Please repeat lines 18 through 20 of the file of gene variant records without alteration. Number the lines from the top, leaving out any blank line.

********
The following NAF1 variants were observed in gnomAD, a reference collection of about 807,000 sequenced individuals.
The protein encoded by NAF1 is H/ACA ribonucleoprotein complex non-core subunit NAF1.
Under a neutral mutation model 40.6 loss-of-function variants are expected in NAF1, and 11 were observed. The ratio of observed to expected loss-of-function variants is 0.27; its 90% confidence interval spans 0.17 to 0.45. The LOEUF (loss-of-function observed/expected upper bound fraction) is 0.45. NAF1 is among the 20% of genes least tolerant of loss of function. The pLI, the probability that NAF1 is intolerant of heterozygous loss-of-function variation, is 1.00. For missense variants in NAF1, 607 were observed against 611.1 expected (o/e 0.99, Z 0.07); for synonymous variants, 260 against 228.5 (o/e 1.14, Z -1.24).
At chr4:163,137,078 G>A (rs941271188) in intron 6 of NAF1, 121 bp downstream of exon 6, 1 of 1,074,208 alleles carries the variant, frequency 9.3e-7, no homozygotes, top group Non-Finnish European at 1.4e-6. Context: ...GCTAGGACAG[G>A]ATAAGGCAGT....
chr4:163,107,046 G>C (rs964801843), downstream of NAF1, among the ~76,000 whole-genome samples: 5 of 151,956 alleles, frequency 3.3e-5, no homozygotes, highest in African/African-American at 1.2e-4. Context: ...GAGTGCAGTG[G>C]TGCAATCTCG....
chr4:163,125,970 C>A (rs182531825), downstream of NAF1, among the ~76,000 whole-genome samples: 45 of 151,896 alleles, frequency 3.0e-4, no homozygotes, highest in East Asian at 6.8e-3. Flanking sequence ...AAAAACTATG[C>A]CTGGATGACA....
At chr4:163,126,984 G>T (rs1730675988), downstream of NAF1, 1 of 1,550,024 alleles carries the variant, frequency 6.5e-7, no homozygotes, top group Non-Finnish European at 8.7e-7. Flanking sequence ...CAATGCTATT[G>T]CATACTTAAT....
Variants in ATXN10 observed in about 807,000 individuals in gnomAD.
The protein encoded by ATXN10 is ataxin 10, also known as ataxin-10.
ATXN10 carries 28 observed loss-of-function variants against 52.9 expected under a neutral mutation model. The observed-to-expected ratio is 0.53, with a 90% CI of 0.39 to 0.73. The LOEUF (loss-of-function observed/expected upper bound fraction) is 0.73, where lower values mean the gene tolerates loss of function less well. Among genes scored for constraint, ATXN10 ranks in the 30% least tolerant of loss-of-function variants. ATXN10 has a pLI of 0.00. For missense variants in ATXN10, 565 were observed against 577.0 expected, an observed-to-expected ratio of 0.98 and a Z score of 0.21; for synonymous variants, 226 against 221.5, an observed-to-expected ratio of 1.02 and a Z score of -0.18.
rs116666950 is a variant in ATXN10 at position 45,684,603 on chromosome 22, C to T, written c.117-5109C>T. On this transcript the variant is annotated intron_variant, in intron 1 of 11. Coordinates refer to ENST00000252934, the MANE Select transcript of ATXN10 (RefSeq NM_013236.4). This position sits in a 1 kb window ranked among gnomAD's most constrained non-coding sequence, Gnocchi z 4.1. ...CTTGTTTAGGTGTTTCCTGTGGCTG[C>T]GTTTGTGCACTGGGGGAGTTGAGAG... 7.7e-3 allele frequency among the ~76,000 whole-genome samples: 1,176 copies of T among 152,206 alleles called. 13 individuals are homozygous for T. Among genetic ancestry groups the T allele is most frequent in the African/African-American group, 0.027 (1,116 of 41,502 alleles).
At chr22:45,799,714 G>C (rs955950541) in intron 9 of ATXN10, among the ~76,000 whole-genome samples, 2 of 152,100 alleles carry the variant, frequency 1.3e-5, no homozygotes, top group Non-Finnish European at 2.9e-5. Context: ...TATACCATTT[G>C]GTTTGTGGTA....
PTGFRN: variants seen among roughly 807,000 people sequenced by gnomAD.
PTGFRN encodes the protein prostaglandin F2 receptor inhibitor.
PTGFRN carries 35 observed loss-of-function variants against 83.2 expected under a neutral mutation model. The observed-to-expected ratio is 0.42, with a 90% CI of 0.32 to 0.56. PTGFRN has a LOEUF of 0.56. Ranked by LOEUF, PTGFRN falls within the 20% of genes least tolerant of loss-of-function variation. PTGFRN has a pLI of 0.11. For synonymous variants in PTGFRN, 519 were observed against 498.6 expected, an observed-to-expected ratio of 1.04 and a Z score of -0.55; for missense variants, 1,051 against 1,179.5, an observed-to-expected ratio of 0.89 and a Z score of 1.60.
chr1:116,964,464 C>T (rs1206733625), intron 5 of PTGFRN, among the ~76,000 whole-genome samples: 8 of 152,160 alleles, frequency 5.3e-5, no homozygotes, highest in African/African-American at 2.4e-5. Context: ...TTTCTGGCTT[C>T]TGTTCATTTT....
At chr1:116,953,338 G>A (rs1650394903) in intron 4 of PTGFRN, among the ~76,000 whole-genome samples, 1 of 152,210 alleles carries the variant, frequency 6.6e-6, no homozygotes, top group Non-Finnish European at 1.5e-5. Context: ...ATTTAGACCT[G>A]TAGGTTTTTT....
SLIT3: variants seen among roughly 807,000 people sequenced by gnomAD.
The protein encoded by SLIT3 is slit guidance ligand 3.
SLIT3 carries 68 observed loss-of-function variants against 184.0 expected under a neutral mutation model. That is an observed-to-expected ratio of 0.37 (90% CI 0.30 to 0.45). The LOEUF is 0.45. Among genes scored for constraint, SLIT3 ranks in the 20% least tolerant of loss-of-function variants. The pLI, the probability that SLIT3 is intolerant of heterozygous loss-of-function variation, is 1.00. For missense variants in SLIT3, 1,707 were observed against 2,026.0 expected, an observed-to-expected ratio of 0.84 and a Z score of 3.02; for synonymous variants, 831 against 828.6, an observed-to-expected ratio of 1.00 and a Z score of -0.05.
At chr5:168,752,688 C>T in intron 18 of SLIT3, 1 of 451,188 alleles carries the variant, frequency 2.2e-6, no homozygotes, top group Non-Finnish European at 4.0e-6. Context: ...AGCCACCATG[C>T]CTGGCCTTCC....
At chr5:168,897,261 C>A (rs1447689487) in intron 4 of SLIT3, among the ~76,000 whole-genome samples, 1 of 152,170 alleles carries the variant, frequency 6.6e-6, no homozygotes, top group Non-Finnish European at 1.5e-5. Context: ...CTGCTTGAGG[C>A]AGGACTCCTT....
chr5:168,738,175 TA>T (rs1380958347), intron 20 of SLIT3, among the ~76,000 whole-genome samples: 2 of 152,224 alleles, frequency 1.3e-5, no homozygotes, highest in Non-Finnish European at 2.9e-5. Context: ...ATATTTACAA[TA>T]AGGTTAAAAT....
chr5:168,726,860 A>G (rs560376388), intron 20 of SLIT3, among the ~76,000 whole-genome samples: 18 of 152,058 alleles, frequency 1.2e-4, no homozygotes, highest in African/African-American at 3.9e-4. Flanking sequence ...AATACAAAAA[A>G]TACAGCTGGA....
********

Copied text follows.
SLIT3: variants seen among roughly 807,000 people sequenced by gnomAD.
The protein encoded by SLIT3 is slit guidance ligand 3.
SLIT3 carries 68 observed loss-of-function variants against 184.0 expected under a neutral mutation model. That is an observed-to-expected ratio of 0.37 (90% CI 0.30 to 0.45). The LOEUF is 0.45. Among genes scored for constraint, SLIT3 ranks in the 20% least tolerant of loss-of-function variants. The pLI, the probability that SLIT3 is intolerant of heterozygous loss-of-function variation, is 1.00. For missense variants in SLIT3, 1,707 were observed against 2,026.0 expected, an observed-to-expected ratio of 0.84 and a Z score of 3.02; for synonymous variants, 831 against 828.6, an observed-to-expected ratio of 1.00 and a Z score of -0.05.